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GE moves Maximum Resolution upgradeto Logiq 400 and 500 ultrasound units


Vendor reports that Logiq 700 MR sales are boomingGE Medical Systems this week announced that it has adapted theLogiq 700 Maximum Resolution upgrade unveiled earlier this yearto scanners in lower price points. GE officials say similar

Vendor reports that Logiq 700 MR sales are booming

GE Medical Systems this week announced that it has adapted theLogiq 700 Maximum Resolution upgrade unveiled earlier this yearto scanners in lower price points. GE officials say similar migrationswill be repeated in years to come as the Milwaukee vendor debutsadvanced technologies on Logiq 700 and moves them to its otherultrasound platforms.

GE introduced the Maximum Resolution upgrade in April, hopingit would finally give the Logiq 700 scanner the respect that GEbelieves it deserves (SCAN 5/8/96). The technology consists ofhardware and software upgrades that improve spatial resolutionand color-flow sensitivity.

Those technologies are now available on Logiq 500 and Logiq400, which as a result will carry the suffix "MD," accordingto Jeff Peiffer, manager of ultrasound marketing. The upgradeis standard on all new scanners and is available as an upgradeto systems in the field.

The two main components of MD are Micron Imaging and AdaptiveColor Enhancement. Micron Imaging is GE's term for a combinationof high-frequency imaging capability and new image-processingtechniques that enable levels of resolution fine enough to bemeasured in microns rather than millimeters, according to BillKyle, product marketing manager.

At present, Micron Imaging can be used only with GE's new LA39transducer, a wideband 6 to 13-MHz probe. The technique is designedfor applications in musculoskeletal, breast, testicular, and othertypes of small-parts ultrasound.

"Before, you saw things on the millimeter scale -- you'dmeasure resolution and objects in millimeters," Kyle said."Now we are below that. We are seeing and measuring and resolvingon the micron scale."

Adaptive Color Enhancement (ACE) applies new signal-processingalgorithms to improve color-flow Doppler sensitivity on Logiq400 MD and Logiq 500 MD scanners. ACE differs from standard color-flowtechnologies in that conventional color-flow employs algorithmsthat build their color displays based on measurements of the meanor average Doppler frequency shift. ACE, on the other hand, usesthe entire Doppler spectrum to create its color-flow display,according to Peiffer.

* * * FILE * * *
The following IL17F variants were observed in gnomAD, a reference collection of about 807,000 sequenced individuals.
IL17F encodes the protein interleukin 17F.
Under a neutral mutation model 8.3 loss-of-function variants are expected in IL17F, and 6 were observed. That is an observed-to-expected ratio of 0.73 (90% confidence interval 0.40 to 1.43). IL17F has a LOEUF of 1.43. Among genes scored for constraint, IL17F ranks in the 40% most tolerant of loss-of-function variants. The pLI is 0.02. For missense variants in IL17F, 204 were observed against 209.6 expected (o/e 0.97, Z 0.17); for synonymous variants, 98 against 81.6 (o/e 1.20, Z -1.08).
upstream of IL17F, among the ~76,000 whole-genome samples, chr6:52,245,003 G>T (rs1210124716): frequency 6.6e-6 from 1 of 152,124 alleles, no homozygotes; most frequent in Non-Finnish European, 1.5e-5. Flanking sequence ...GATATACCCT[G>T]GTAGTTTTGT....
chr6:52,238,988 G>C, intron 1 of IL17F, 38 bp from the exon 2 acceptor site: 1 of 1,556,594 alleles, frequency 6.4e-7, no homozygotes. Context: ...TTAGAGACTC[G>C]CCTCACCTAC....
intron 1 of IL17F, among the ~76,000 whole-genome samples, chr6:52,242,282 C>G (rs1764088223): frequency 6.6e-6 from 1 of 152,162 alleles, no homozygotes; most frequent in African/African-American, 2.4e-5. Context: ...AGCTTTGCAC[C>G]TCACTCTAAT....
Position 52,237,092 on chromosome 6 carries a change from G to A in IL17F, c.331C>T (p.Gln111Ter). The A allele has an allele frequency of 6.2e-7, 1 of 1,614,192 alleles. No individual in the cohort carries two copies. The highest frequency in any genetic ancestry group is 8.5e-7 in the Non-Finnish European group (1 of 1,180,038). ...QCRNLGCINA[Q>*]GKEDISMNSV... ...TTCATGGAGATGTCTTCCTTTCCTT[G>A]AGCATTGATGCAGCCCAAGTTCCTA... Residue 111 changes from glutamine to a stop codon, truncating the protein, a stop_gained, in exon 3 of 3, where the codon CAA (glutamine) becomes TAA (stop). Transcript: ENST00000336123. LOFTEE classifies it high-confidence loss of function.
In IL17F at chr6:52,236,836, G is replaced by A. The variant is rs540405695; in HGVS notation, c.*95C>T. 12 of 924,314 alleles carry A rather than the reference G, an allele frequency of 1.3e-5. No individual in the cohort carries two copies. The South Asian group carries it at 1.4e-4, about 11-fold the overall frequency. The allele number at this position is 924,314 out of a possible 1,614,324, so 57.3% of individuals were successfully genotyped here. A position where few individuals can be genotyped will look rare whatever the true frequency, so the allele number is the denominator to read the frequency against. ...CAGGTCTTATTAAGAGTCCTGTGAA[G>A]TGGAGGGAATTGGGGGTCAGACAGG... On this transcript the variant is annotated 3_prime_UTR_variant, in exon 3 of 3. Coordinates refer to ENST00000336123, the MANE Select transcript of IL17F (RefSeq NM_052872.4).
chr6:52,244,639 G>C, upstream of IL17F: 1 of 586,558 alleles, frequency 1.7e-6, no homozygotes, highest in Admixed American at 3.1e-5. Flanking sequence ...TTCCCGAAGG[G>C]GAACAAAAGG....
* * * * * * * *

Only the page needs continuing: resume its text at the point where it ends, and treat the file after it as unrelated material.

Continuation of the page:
"We are looking at the entire shape of the spectrum, becausethere is more information in the Doppler spectrum than just themean frequency," Peiffer said. "You can make more intelligentdecisions in your image processing, and therefore get better sensitivityand (less) motion discoloration."

ACE can be used with all Logiq probes and applications.

In addition to ACE and Micron Imaging, GE is rolling out newcardiac probes for Logiq 400 and Logiq 500. The company is releasinga new 3.5-MHz wideband sector probe and a new 6-MHz wideband sectorprobe. In the surgical realm, GE is releasing two new intraoperativeprobes for vascular and abdominal applications.

To acquaint clinicians with the MD upgrade, GE plans to launcha road show this month, with the first date scheduled for Oct.15 in Atlanta and subsequent appearances in Los Angeles, New York,and Chicago. The upgrade and the new systems began shipping thismonth.

GE hopes the MD upgrade will be as successful for the Logiq400 and 500 scanners as MR has been for Logiq 700, which finallyappears to be living up to the initial hype GE gave the systemwhen it was rolled out in 1993 (SCAN 12/15/93). Sales of the super-premiumscanner have more than quadrupled since MR's April debut, accordingto Peiffer.

"It was better than we had expected. We've had two recordmonths in the last two months," he said. "Customersrecognize that GE has something that is different and better thanthey've ever seen. "

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